When I was in Group Therapy for depression, after the car accident, I brought quotations or song lyrics to share with others. Because of the brain injuries, I had trouble saying what I wanted to say or because I was simply too depressed. As I grew more fond of the group members, I wanted to help them in any way I could to keep them from the deep pain and sorrow of depression. One day, I was asked to stay after the group. When I stayed, so did one other woman in the group. The woman told me that she had bought a “Lot” at a store that went out of business. Within that “Lot” were 2 complete computers (monitor, CPU, mouse, software, etc). She said that of all the people she knew, she felt that I would get the most joy out of a computer. She wanted to give me one of the computers. The Group Leader said that normally she wouldn’t approve of such an expensive gift but that she felt the woman truly had no motive except to give. I went home with a computer that day. Since then I have used it (and then the others that replaced it) to bring peace and comfort to myself, and hopefully to others. Very few days go by that I am not reminded of the woman’s kindness. The woman moved away not long after she gave me the computer and never left a forwarding address. With the computer she gave me, I was able to add quotations to images. I was able to make copies of these quotation/images and add them to photo albums that I got from the Dollar Store. I made the albums and gave them as thank you gifts or thinking of you gifts. Mom treasured the ones that I made for her. When I came to visit her, I would find one of the albums opened to a different photo/quotation … sitting in a place of honor next to the basket of Snickers that she kept filled for everyone who came to visit her. Through social media, I have tried to reach out to people in hopes of gracing their life with something positive and caring.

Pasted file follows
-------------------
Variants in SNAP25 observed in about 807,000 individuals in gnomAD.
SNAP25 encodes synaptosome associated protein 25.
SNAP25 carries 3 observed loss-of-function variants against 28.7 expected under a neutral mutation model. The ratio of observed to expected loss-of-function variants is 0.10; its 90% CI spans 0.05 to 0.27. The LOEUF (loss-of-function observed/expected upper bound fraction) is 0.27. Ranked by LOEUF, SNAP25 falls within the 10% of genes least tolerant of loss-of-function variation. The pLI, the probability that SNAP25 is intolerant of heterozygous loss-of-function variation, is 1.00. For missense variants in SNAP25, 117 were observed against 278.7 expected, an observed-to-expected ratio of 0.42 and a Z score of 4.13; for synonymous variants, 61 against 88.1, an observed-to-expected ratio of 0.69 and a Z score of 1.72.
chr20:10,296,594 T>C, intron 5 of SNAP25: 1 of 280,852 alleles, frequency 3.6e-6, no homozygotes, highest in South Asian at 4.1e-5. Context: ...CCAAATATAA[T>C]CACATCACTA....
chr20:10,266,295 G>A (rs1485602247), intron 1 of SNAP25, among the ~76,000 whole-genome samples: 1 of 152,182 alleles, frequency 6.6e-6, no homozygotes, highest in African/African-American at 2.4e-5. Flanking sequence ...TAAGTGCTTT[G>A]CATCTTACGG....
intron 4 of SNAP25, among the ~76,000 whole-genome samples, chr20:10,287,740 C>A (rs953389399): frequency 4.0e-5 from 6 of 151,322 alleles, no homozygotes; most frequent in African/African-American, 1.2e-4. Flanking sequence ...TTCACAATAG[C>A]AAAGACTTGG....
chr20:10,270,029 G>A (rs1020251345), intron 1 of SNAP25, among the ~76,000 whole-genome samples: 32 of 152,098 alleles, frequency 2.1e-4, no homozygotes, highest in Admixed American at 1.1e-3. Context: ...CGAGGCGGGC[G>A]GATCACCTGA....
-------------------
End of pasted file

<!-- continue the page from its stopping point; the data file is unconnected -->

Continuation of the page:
I have written a lot of words to tell you that words are my comfort. Lyrics, parts of poems, bits of conversation … words fill me by letting me know that I’m not alone … that someone else has felt the same thing and lived through a situation. Words have given me the strength to live hour by hour … even minute by minute. And, when I began to share words with others, I realized that by trying to give to others … that I have received a far bigger gift … my heart is filled with a special kind of peace, love, and hope.

    • Casey B says:

      My dear friend,

      Thank you for sharing such a personal and poignant memory with me. It’s a gift that your mother saw how much the bookmark tradition meant to you, and sought to continue it. I like the idea of a quotes book, and will consider starting one. Your words about using a computer to bring peace and comfort to yourself and hopefully to others really ring true for me. Your mother sounds like a wonderful person…but it takes a special kind of grace to be a mother, I think. 🙂 ‘Words have given me the strength to live hour by hour, even minute by minute’…what more can I say but Amen…I share that feeling about helping others.

      Thank you for opening your heart- take care, my friend.


  2. melissa says:

    I have read your post and the comments here as well. They are both very inspiring. I haven’t done much these past couple of months but stay with the kids and love them…

    I also became deeply engaged with my other activities like work and have spent more time with the world outside.

    I don’t write much poetry but I have music… it is very healing. I’ve cut some strings and I found that to be very helpful…

I love it when you share your thoughts- so feel free.